Wednesday, January 10, 2018

A Handful of Bad

The following, improvised in response to a question on immigration from The New York Times's Michael Schmidt, December 28 ("So you’re not moving. You’re saying I’m more likely to do deals, but I’m not moving."), dark dystopian fantasy reads like the nightmare of a man nodding off to Lou Dobbs Tonight on the Fox, though I thought Dobbs's timeslot at 7:00 was more or less cheeseburger time in the Trump White House. Trump tries to imagine what immigration is like in terms of unfamiliar but ominous words, "chain", "lottery". Note the haunting beginning, in which he seems to divide himself from himself as these apparitions of chains approach:

A Handful of Bad
by Donald Trump

I’m always moving.
I’m moving in both directions.
We have to get rid of
chainlike immigration,a
we have to get rid of the chain.b
The chain is the last guy that killed...
The last guy that killed the eight people.c
So badly wounded people.
Twenty-two peopled
came in through chain migration.
Chain migration and the lottery system.
Theye have a lottery in these countries.
They take the worst people in the countryf,
they put them into the lottery,
then they have a handful of bad,
worse ones,g and they put them out.
"Oh, these are the people the United States...”
We’re gonna get rid of the lottery,
and by the way, the Democrats agree with me
on that.h On chain migration,
they pretty much agree with me.

a An apparent reference to the "family-based" immigration system in which not only is automatic permanent residence given to the immediate relatives of US citizens (basically spouses, minor children, and parents, some 44% of the green cards issued in a given year, but beyond that non-automatic preference is given (if they make it through the petition form and consular interview) to the adult unmarried children of citizens, the spouses and minor children of those who are permanent residents themselves, their unmarried adult children, the married children of citizens, and citizens' siblings, in that order, 20%. This is referred to as "chain migration" by immigration opponents, to give the frightening picture of invading foreigners, each one linked to the one behind her, out to the crack of doom, or, putting it another way, North American life as it's been for 500 years (it's funny to think that the vast majority of Mexican immigrants, documented and undocumented, live in places that were in Mexico as recently as 1845).

This is actually a Hands Across the Sand event demanding an end to reliance on dirty energy, not necessarily including any immigrants at all.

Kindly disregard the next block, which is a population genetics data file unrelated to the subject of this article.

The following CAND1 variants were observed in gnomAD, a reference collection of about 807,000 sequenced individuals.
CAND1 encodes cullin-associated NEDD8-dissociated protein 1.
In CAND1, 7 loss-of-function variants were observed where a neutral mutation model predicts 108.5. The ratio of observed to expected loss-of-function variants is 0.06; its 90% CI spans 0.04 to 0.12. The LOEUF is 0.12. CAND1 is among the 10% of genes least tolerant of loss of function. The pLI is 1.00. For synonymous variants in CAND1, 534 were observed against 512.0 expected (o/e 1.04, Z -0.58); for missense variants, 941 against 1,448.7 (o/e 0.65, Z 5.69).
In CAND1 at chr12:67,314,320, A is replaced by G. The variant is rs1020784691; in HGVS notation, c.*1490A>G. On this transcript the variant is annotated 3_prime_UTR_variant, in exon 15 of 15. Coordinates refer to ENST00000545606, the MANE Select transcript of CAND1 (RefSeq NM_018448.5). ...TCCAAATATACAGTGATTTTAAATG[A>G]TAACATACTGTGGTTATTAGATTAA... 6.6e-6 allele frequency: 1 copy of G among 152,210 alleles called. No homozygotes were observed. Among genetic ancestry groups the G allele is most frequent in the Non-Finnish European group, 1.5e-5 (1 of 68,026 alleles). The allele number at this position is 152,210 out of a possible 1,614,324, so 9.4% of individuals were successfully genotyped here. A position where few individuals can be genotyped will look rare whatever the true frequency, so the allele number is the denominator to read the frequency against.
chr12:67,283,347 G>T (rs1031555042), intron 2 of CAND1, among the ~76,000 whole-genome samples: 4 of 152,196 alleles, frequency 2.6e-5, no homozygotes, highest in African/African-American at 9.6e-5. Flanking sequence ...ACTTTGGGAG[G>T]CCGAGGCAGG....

b But to Trump it becomes a real, threatening chain: Make it go away!

c This is the Uzbekistani national Sayfullo Saipov, who mowed down a crowd of people on my side of my city last October, killing eight mostly Argentine tourists, though he wasn't "the chain", having come to the US not at the application of relatives but through the Diversity Visa Lottery established originally in 1986 to bring in more Irish immigrants, whose proportions had fallen since the 1965 reforms eliminated the traditional preference for "white countries", but has tended to bring in more people from non-traditional sources, something like half of them from Africa, and accounting for 5% of annual green cards.

d According to Donald J. Trump, addressing a cabinet meeting of November 1, Saipov sponsored or may have sponsored a "chain migration" of "as many as" 23 Uzbeks since he arrived in the United States in 2010:
"This man that came in — or whatever you want to call him — brought in, with him, other people," the President said amidst a discussion of proposed changes to immigration policy. "And he was a point, he was the point of contact — the primary point of contact for, and this is preliminarily — 23 people that came in, or potentially came in with him."
I should point out that it is extremely unlikely that he actually brought in anybody, since as Radio Free Europe/Radio Liberty reports, his closest living relatives are two parents and a 17-year-old sister all living in Tashkent, his wife whom he met in the US, and their three children all born here. I'm not saying the president of the United States is lying, I'm saying—oh, fuck it, of course I'm saying he's lying, are you kidding?

e The program is run by the US State Department. The actual lottery is run on a computer in Kentucky.

f Applicants need to have a high school diploma and Internet access (through their own computers or an Internet café), but no special level of wickedness is required...

g ...And the computer selects them randomly—that's how lotteries work—so it's literally impossible for them to select especially bad ones.

h Wrong on that one too.

Eddie Scarry of the Washington Examiner writes, of the first four stanzas ("Why Hasn't Michael Wolff's Dementia-Trump Ever Been Seen in Public?"),
That doesn’t read like a mentally impaired geriatric’s interview. More accurately, it reads like someone who can speak casually about policy and assumes his audience has some grasp of it, too.
I don't know about that. The interviews I'm finding with elderly dementia patients, by medical personnel, social workers, family members, tend to be mostly about the experience of dementia, of which the patients are aware, not about their plans for overhauling the immigration system, so it's not really easy to compare, but I'd say it reads like someone bullshitting at a relatively low skill level, as if he was confident nobody was going to call him out, knowing nothing about the subject but expecting the audience not to know much more. And also kind of demented, naturally.

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